“star-crossed”: Kacey Musgraves album review

Country juggernaut Kacey Musgraves releases her long-awaited fourth album on Sept. 10. Photo courtesy of The Guardian.

OWEN MADRIGAL | STAFF REPORTER | omadriga@butler.edu

Kacey Musgraves returns to the music scene with her fourth album titled “star-crossed,” which came out on Sept. 10. Butler students react to what many are calling her “divorce album.”

“LET ME SET THE SCENE”

Kacey Musgraves, following her seminal album “Golden Hour,” filed for divorce from her husband after two and a half years of marriage. Her new album heavily pulls from this period of her life.

Senior chemistry major Emma Cushman eagerly listened to the album release night.

“This is the year of divorce breakup albums, which is kind of a moment,” Cushman said.

Although it is, at its core, an album about divorce, Kacey believes it can be about the demise of any relationship. Cushman agrees with this.

“It’s a break-up album,” Cushman said. “It’s very relatable to anyone who has been broken up with or broken up with someone or has gone through heartbreak. It’s relatable [on] all fronts.”

The album was also accompanied by a film on Paramount+ on the album’s release day, containing 13 of the 15 songs. The film offers a visual look into the world Kacey created. The album can now be watched as a film or individual music videos.

Nick Denbow, senior creative media and entertainment major, was eager as to what Kacey would do with the film format.

“It was exciting to see her make something of that scale, but it felt a bit undeveloped with the plot,” Denbow said.

The current single being promoted, “simple times,” had its film section put on YouTube. The video features Kacey with her friends’ actress Victoria Pedretti, rapper Princess Nokia and recent winner of “RuPaul’s Drag Race,” Symone.

ALBUM BREAKDOWN

Inspired by Greek tragedies, Kacey Musgraves has stated the album follows a three-act structure.

The first act, consisting of the first five songs, explores her marriage and the beginning of the end. With songs like “good wife” and aforementioned “simple times” showing Musgraves’s strife with marital life, a fan favorite “cherry blossom” adds a flavor of falling in love.

Focusing on the wide array of emotions felt after a breakup, the second act is also five songs, but is far more scattered and less focused on the story. Instead, the focus is drawn to the very different emotions that comes with divorce, and Musgraves revels in each for better and for worse. The second act contains the emotional “camera roll,” where she looks through her phone’s photo gallery at the memories she had forgotten. The spiteful “breadwinner” calls back to Golden Hour’s “High Horse” with similar lyrical material of an arrogant partner she must leave behind.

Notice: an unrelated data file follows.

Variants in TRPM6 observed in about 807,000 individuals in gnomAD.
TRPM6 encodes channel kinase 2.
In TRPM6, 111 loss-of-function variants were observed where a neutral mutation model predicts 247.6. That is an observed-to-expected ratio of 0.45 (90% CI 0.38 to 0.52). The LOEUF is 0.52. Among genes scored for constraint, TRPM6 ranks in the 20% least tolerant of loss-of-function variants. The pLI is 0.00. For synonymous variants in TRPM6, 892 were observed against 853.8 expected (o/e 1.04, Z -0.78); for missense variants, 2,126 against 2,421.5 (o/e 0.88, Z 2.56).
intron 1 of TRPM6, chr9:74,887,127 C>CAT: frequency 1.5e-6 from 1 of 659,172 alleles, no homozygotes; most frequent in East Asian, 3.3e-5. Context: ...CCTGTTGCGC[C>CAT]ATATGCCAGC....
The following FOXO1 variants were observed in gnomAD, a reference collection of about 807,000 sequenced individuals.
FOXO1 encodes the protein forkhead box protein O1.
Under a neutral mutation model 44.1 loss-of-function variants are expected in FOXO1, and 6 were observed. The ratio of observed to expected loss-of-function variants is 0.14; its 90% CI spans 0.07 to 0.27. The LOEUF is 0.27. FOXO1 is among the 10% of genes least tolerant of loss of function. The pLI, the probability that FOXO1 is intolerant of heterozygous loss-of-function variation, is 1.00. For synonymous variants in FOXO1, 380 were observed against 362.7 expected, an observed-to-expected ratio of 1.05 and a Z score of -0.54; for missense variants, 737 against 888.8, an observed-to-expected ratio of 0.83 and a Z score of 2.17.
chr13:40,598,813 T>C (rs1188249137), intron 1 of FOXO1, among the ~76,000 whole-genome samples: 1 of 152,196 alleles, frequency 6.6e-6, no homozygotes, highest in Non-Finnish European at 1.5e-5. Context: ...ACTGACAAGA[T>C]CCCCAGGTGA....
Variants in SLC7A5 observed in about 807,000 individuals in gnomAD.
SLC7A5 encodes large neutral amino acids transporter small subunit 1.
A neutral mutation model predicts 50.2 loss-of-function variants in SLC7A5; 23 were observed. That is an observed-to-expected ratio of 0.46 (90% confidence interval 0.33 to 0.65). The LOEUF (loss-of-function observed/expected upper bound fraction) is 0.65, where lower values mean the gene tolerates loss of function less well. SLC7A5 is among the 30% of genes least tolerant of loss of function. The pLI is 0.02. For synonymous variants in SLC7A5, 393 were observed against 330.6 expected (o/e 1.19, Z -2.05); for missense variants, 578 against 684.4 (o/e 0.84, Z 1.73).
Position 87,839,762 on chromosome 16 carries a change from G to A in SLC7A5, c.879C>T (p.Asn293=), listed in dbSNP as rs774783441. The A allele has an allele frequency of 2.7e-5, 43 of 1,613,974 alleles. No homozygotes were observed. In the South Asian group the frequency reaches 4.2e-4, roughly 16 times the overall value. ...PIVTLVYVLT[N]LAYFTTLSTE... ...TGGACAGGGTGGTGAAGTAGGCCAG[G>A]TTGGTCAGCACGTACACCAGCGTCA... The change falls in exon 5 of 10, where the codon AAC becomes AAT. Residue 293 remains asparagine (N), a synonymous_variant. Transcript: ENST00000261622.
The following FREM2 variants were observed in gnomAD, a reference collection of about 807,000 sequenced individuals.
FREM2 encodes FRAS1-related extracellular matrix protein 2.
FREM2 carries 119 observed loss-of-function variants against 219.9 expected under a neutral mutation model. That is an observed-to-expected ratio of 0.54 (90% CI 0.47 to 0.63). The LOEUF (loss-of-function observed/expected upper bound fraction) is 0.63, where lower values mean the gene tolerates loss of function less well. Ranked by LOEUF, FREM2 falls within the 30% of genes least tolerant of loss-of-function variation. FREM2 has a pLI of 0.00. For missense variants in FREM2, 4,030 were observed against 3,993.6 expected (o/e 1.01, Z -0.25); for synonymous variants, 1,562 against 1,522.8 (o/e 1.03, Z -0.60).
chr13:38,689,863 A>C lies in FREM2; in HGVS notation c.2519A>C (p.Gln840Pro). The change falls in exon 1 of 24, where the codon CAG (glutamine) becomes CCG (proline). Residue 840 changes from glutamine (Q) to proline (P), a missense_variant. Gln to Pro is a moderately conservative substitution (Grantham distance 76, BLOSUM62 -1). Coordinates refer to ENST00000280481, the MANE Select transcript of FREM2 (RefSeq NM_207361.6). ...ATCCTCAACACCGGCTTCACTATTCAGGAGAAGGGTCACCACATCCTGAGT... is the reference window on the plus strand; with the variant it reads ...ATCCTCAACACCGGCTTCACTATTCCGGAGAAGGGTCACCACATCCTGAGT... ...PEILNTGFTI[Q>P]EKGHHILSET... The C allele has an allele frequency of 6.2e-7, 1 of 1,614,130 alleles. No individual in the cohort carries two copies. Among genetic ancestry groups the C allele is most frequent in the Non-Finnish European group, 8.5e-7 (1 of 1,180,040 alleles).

The third and final act focuses on healing and self-love. With songs like “keep lookin’ up” and “what doesn’t kill me,” Musgraves finds hope in the world after hers collapsed. The dancehall-inspired penultimate track, “there is a light,” is a jubilee of the importance of self-love. The album closes with a cover of “gracias a la vida,” where Kacey sings entirely in Spanish with autotune and mariachi guitar.

The album is jam-packed with revelations of life, love and healing. The musical palette and lyrics can be slow to get into, yet the point was not to capture grandiose feelings, but to work through said feelings. Senior strategic communications major Katie Cooley loves the album but finds difficulty sorting through the songs.

“It would be harder to pick a least favorite [than a favorite],” Cooley said.

“YOU CAN TAKE ME OUT OF THE COUNTRY, BUT YOU CAN’T TAKE THE COUNTRY OUT OF ME”

Following her Album of the Year Grammy Award win for “Golden Hour,” many looked to Musgraves for resurrecting female country. Her wins at the 2019 Grammy Awards made her one of the biggest country crossovers since Taylor Swift. “Golden Hour’s” production was a blend of country, pop and psychedelia.

Whatever subspecies of genre “Golden Hour” was, “star-crossed” takes it to the max level. Although many country elements are present, star-crossed dabbles in many other genres, including dance, pop, psychedelia, Spanish, house and even city-pop, a musical genre originally from 80s Japan.

“I really like the experimental vibe of it,” Cushman said. “This is her breakup, divorce album, so she’s starting a new era, so there’s a new sound.”

Cooley also finds her transformation and experimentation as compelling as her previous works, drawing comparison to a fellow former country darling.

“It’s definitely different from the rest of her stuff,” Cooley said. “Listening to ‘Merry Go ’Round’ in 2013 and now she’s here. It’s getting to be more poppy, a bit more mainstream and not made for country [radio]. I feel like she’s having her Taylor Swift moment, with her shifting genres. But I don’t think it’s a bad thing. I don’t think she’s abandoning country in favor of something else. It feels like she’s evolving.”

star-crossed is available to listen on every major music platform now.

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